Doctorate helps Orion High School teacher prepare students

Ben Jones
Orion High School

One teacher in the Orion school district stands out from her colleagues. That teacher is Dr. Linda Anderson, who teaches Spanish at Orion High School.

What makes her stand out is that she has a doctoral degree, which is a degree that high school teachers rarely get. Most interestingly, she continues to teach Spanish at Orion High School.

Dr. Anderson attended Illinois State University to further her education for her doctoral degree. She was able to take most of her classes at the Graduate Center, which is located on the Augustana College campus in Rock Island.

In order for Dr. Anderson to get her doctoral degree, she had to go through 75 more semester hours than needed for a master’s degree. She also had to pass the doctoral prelims, which consisted of a week of testing and writing four different papers. Then she had to present her ideas for dissertation programs to a committee before she was able to continue her research and write her dissertation.

The reason she continued her education to get a doctoral degree is because “the state of Illinois mandates that teachers in Illinois engage in continuing educational training in the form of higher education and/or continuing professional development units (CPDUs).” She had chosen to do both for her education plans, and she already had a master’s degree.

“Being engaged in a doctoral program in education helps one currently in the field be better informed to help students pursue their own educational aspirations,” Dr. Anderson stated about how her doctoral degree has made a difference in her teaching career.

Dr. Anderson has also received other degrees in education. She has a master’s degree in Spanish and an undergraduate degree in Latin American studies, Spanish, social sciences and education. And even though she has received plenty of education, she is considering the possibility of going back to continue her mandated ongoing education hours for other degrees.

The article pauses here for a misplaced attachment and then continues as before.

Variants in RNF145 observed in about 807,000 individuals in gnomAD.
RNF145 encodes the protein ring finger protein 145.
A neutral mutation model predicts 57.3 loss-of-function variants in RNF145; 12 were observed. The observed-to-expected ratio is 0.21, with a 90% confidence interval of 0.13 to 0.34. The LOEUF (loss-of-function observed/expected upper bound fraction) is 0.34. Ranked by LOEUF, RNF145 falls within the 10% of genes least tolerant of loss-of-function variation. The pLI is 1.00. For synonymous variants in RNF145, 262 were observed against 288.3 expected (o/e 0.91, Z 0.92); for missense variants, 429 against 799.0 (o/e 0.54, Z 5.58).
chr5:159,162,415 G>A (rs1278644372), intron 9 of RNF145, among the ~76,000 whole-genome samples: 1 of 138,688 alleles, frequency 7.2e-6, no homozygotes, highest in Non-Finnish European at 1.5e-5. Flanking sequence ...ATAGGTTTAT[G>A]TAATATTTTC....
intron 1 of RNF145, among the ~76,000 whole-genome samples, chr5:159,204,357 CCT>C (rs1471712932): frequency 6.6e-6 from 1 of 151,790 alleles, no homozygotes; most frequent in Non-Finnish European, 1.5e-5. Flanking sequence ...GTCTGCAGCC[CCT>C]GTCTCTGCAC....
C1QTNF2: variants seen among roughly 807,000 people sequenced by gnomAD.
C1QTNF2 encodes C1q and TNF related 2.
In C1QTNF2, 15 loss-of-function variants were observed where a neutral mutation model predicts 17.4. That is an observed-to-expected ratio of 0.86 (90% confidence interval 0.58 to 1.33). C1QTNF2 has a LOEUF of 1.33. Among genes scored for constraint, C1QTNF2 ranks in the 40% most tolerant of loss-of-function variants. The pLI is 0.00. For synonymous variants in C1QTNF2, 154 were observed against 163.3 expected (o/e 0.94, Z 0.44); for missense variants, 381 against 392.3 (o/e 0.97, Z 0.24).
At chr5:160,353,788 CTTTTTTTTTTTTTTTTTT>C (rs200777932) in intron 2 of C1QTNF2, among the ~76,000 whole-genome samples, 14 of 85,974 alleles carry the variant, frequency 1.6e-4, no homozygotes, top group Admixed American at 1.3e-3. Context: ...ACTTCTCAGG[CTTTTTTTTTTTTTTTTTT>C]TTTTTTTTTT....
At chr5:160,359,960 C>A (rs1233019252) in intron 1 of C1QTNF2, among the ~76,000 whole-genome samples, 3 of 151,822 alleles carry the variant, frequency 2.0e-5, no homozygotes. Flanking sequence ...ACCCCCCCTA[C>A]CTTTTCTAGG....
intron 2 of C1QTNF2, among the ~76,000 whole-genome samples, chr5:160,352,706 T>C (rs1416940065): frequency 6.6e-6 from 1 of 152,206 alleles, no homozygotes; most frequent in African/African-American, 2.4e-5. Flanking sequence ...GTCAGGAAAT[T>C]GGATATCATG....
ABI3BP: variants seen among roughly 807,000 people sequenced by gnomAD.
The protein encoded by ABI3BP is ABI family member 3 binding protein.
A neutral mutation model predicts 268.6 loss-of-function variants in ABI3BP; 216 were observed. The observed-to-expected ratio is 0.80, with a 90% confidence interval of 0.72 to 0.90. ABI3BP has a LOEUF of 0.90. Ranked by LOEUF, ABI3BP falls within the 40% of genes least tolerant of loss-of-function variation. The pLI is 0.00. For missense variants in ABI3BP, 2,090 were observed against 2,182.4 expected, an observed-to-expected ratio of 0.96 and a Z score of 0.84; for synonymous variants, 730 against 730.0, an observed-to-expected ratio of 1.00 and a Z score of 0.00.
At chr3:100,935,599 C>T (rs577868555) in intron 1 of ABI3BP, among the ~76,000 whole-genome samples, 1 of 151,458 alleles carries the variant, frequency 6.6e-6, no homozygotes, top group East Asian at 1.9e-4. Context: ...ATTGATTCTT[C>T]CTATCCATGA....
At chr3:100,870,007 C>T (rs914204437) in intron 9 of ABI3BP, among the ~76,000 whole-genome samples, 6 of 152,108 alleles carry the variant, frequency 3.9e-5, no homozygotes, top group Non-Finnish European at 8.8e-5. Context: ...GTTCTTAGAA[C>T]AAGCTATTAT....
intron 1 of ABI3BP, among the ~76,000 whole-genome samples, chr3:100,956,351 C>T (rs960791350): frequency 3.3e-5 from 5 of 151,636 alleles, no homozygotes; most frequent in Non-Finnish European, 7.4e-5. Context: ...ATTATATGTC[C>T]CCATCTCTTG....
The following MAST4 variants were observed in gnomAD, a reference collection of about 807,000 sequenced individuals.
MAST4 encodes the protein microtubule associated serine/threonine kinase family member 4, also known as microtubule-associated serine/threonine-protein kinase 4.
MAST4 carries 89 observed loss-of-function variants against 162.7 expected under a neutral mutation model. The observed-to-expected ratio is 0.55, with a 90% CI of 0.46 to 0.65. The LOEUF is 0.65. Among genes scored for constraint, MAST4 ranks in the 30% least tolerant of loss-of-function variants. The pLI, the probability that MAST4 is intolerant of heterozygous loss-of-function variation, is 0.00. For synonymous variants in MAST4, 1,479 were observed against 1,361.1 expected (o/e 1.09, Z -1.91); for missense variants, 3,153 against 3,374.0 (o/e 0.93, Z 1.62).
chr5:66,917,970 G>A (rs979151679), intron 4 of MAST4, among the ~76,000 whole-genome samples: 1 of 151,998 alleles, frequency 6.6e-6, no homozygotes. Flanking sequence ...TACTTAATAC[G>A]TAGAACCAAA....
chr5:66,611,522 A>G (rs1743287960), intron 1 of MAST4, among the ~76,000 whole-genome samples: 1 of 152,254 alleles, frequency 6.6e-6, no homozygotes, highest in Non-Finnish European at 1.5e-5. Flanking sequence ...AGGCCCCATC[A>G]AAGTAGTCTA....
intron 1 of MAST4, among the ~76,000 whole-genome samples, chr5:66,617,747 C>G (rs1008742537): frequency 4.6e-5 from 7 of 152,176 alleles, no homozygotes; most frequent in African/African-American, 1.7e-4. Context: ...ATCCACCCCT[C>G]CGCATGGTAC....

She highly recommended other teachers get their doctoral degrees if it was something they were interested in pursuing and completing. A piece of advice that she offers other teachers is to be ready for some changes in their daily schedules, including how they balance their activities and time.

For her, the benefits include  an enhanced educational perception and experience, which outweigh by far the sacrifices that she had to make in order to pursue her educational desires.

There are some places where Dr. Anderson has studied while in college.

“I studied in Mexico and Spain during college,” she said. “I have also taught summer school in Spain at La Universidad Complutense de Madrid.”

Dr. Anderson has also taught in an exchange program in Mexico at the Universidad Veracruzana, during her master’s degree program. All of the courses she taught were completely in Spanish. She has been teaching here in Orion since 1985.

Even though many teachers might accept jobs at colleges or universities when they receive their doctoral degrees, the reason that Dr. Anderson stays at Orion High School is that she likes the age group that she is able to interact with and very much respects their work ethic. She enjoys teaching and working with her students.

She also believes in the saying, “If you love what you do, you never have to work a day in your life.”